Groping in the dark for 55 years

By the age of 55 a person should have reached the peak of his or her career. The development of a nation takes somewhat longer. Nevertheless, a nation that has completed 55 years of existence might at least be expected to have settled its basic law in the form of a constitution and achieved a measure of social and political consensus about its fundamental principles and policies.

However, Sri Lanka’s Constitution which is thirty years younger than Independence has been amended seventeen times. The first sixteen changes were at the behest of a single political party. All laws "written and unwritten" that were in force before the enactment of the Constitution are expressly kept alive even if they are inconsistent with "fundamental rights".

Moral contradictions are found elsewhere too. In most countries a cessation of hostilities after a long period of war tends to herald a return to respect for human rights and democratic values. In Sri Lanka the "peace process" and respect for human rights are seen as inimical to each other, and too much insistence on the latter is believed to jeopardize the former.

A confused value system is also evident when we allow our elected representatives to import luxury vehicles every few years while allowing our railway system to deteriorate to the point where all trains are presently restricted to a speed of 35 mph due to unsafe tracks. It appears to be easier to secure the release of state funds to purchase new vehicles for those who already have old ones than it is to get funds to purchase vital equipment for hospitals that have none.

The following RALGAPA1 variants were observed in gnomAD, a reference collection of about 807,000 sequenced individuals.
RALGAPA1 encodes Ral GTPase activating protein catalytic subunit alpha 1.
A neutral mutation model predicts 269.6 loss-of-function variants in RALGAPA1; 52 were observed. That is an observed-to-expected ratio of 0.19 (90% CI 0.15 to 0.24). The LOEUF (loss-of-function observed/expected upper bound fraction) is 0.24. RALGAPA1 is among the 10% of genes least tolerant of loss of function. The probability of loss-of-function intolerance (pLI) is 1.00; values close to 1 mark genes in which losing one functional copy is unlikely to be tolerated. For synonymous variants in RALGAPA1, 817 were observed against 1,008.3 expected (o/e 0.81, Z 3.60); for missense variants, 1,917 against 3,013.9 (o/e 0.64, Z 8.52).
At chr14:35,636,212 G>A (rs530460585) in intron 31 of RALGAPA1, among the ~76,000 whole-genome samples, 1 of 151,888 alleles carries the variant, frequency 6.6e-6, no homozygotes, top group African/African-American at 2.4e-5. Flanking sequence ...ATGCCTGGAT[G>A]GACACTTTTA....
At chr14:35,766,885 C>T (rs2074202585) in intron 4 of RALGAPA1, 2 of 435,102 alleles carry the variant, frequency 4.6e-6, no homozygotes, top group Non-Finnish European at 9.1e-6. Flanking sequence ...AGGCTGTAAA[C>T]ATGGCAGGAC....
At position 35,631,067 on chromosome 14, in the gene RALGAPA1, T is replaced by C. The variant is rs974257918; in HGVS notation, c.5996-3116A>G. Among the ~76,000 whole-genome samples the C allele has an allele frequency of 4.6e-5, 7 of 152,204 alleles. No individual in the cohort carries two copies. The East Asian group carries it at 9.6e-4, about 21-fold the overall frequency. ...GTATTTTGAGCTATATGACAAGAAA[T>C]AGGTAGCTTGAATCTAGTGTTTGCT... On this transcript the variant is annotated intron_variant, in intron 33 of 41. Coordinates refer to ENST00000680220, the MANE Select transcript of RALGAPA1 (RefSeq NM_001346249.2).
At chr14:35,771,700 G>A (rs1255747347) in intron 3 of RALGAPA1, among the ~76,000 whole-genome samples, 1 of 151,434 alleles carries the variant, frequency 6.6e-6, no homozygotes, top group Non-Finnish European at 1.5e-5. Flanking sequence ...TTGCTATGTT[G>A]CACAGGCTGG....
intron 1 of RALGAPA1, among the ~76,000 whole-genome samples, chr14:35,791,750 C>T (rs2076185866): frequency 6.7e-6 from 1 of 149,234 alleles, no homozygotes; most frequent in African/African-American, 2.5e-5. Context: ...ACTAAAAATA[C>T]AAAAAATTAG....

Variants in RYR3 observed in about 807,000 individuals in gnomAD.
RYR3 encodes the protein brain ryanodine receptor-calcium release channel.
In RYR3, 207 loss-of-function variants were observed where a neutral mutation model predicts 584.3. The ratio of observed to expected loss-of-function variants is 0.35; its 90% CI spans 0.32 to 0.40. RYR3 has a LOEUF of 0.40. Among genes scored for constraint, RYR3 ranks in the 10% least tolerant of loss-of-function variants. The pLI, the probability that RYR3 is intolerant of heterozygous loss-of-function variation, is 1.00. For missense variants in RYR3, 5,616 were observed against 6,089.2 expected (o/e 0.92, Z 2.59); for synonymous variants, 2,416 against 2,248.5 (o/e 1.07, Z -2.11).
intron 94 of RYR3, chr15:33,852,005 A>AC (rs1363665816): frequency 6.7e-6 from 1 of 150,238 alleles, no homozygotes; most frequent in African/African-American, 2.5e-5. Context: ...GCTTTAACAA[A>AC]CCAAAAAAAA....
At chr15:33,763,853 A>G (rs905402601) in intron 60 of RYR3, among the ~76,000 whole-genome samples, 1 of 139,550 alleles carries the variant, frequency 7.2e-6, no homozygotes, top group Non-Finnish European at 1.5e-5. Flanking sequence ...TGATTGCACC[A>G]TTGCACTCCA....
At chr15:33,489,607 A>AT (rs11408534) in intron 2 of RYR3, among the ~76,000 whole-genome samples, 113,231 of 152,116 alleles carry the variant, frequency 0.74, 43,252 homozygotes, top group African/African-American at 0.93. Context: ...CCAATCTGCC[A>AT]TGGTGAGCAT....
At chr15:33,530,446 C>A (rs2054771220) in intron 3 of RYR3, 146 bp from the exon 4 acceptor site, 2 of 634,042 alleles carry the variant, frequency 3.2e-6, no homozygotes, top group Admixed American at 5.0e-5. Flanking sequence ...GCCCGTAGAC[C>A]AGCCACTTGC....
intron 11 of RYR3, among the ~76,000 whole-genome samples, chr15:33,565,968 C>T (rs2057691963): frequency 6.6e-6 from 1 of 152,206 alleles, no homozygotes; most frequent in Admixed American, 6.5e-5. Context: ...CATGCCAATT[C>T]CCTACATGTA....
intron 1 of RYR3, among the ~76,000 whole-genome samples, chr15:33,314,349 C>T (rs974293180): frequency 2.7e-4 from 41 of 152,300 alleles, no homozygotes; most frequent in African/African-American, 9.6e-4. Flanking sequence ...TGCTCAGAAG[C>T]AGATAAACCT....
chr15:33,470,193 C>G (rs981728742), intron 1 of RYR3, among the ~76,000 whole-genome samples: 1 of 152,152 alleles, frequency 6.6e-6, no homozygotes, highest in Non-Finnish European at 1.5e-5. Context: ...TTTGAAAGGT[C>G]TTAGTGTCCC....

A flawed decision-making process is visible at many levels, nowhere more so than in the energy sector. Despite the nation facing repeated power shortages, protesters have been allowed to halt all forms of regulated power plants in fixed places, so that we can instead have unregulated diesel plants sending noise and fumes into everybody’s back garden. In the process, the energy crisis has also demonstrated that inconsistencies and double standards are not the sole prerogative of State bodies.

Another example of the questionable stand of some NGOs is the local election monitoring groups that had been swift and outspoken in their criticism of election violence during the local, provincial, presidential and general elections that were held from 1997 to 2000. These groups became strangely silent after the parliamentary government changed in 2001. They made little effort to publicize their reports of the local government elections that followed, despite privately admitting that a considerable level of violence had occurred and that the Police had simply "switched allegiance" without actually mending their ways.

In this looking-glass world that is modern Sri Lanka, let us examine key features of the legal framework.

At the outset it must be said that good laws alone cannot guarantee good governance. Nevertheless, a bad system of law can facilitate bad governance. In this context it is noteworthy that this country pays its parliamentarians a state pension after five years, when the elected term of Parliament is six years. Thus a member does not need to perform well enough to be re-elected even once.

The fact that many notorious individuals who have been found guilty of fundamental rights violations, or are facing serious criminal charges, are able to get elected is another indictment on the system. Our election laws take no cognizance of the findings of the Supreme Court in regard to fundamental rights. The criminal justice system can be slowed to a crawl to enable those with charges pending against them to serve out their elected tern before the court gets anywhere near a final verdict, and election petition cases are no better.

The fight against bribery and corruption is a national joke. Public squabbling and questionable conduct on the part of the Commissioners themselves have seriously dented the credibility of the Commission for the Prevention of Bribery and Corruption, perhaps irrevocably.

Meanwhile, as highlighted in this column two weeks ago, an opinion poll published by the Marga Institute demonstrated a notable lack of confidence in the legal system even by those who work within it.